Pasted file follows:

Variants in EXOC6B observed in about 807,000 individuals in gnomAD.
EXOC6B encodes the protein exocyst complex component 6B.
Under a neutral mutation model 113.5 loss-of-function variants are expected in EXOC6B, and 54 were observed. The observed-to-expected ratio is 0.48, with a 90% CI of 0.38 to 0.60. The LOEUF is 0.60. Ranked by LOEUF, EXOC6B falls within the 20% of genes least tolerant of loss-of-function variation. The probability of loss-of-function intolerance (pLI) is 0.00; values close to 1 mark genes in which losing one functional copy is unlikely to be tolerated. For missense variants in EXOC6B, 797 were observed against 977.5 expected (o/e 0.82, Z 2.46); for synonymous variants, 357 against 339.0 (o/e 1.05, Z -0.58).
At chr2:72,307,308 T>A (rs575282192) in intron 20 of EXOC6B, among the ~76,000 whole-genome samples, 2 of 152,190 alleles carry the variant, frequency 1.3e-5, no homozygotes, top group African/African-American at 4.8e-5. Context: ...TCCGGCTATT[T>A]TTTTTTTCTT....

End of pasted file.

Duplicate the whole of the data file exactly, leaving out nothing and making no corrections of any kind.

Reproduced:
Variants in EXOC6B observed in about 807,000 individuals in gnomAD.
EXOC6B encodes the protein exocyst complex component 6B.
Under a neutral mutation model 113.5 loss-of-function variants are expected in EXOC6B, and 54 were observed. The observed-to-expected ratio is 0.48, with a 90% CI of 0.38 to 0.60. The LOEUF is 0.60. Ranked by LOEUF, EXOC6B falls within the 20% of genes least tolerant of loss-of-function variation. The probability of loss-of-function intolerance (pLI) is 0.00; values close to 1 mark genes in which losing one functional copy is unlikely to be tolerated. For missense variants in EXOC6B, 797 were observed against 977.5 expected (o/e 0.82, Z 2.46); for synonymous variants, 357 against 339.0 (o/e 1.05, Z -0.58).
At chr2:72,307,308 T>A (rs575282192) in intron 20 of EXOC6B, among the ~76,000 whole-genome samples, 2 of 152,190 alleles carry the variant, frequency 1.3e-5, no homozygotes, top group African/African-American at 4.8e-5. Context: ...TCCGGCTATT[T>A]TTTTTTTCTT....